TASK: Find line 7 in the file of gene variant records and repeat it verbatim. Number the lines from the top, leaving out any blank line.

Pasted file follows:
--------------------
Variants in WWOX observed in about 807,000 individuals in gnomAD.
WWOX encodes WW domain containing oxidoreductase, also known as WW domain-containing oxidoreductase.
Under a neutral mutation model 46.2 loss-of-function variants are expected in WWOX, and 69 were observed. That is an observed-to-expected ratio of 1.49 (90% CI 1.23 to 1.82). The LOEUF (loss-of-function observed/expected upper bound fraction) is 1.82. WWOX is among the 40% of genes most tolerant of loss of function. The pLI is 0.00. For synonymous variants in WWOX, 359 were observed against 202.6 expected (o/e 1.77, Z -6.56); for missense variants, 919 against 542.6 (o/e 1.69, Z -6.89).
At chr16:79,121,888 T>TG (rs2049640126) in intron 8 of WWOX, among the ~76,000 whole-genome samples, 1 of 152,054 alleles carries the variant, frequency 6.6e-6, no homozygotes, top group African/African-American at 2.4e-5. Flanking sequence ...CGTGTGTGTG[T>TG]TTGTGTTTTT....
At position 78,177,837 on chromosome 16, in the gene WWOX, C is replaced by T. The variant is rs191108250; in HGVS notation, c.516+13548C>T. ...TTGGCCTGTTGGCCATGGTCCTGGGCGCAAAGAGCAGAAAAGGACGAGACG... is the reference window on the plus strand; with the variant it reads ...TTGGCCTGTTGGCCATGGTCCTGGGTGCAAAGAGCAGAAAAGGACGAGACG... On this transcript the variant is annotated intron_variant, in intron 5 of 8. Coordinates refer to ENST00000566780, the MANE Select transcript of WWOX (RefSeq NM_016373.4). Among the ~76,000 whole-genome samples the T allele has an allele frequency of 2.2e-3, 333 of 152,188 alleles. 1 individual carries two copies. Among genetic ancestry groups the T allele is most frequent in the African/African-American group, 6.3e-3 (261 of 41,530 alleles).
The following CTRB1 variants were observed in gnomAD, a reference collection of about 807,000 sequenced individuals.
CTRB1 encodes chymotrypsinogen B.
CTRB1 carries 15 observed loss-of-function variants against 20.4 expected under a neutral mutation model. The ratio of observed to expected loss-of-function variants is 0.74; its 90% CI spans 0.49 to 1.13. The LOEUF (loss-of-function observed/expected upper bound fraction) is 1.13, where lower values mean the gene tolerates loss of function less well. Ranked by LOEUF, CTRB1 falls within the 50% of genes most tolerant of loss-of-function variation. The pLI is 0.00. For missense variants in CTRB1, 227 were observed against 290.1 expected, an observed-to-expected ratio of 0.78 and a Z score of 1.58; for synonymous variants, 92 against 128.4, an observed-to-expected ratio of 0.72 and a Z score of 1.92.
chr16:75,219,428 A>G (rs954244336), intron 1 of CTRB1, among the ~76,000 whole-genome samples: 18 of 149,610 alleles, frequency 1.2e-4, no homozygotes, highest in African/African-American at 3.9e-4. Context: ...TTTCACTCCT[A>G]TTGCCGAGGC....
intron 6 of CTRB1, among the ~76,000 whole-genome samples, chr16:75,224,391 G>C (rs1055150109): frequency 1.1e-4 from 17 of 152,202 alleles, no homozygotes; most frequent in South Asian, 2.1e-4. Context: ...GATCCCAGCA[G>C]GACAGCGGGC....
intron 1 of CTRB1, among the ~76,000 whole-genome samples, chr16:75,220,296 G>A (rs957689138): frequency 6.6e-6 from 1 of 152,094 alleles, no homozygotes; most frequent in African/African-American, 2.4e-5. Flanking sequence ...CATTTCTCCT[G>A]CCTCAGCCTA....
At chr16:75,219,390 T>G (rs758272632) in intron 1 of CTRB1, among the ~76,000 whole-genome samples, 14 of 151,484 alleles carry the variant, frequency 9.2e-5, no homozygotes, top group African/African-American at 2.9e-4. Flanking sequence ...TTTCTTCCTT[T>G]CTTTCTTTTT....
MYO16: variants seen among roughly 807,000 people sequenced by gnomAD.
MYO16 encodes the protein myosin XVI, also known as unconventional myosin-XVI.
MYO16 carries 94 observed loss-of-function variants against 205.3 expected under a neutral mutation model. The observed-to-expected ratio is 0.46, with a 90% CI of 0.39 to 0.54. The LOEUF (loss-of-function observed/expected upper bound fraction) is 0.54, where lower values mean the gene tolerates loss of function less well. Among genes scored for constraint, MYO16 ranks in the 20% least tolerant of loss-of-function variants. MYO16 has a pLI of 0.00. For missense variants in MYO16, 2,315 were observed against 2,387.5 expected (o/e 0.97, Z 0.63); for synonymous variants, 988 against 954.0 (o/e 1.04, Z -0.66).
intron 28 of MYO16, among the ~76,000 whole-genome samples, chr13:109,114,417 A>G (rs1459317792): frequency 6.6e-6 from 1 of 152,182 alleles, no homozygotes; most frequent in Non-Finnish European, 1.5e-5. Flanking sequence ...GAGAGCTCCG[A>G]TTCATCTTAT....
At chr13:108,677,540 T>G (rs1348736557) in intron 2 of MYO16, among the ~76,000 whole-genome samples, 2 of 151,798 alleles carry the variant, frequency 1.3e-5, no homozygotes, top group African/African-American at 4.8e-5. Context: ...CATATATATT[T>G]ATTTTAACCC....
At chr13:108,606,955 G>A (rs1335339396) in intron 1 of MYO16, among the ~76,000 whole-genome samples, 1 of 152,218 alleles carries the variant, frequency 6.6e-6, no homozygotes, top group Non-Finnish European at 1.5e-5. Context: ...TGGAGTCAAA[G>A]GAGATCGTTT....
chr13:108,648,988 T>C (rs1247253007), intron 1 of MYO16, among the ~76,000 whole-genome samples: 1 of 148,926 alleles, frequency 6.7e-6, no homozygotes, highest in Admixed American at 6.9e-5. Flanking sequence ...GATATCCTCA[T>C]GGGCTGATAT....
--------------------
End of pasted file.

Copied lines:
CTRB1 encodes chymotrypsinogen B.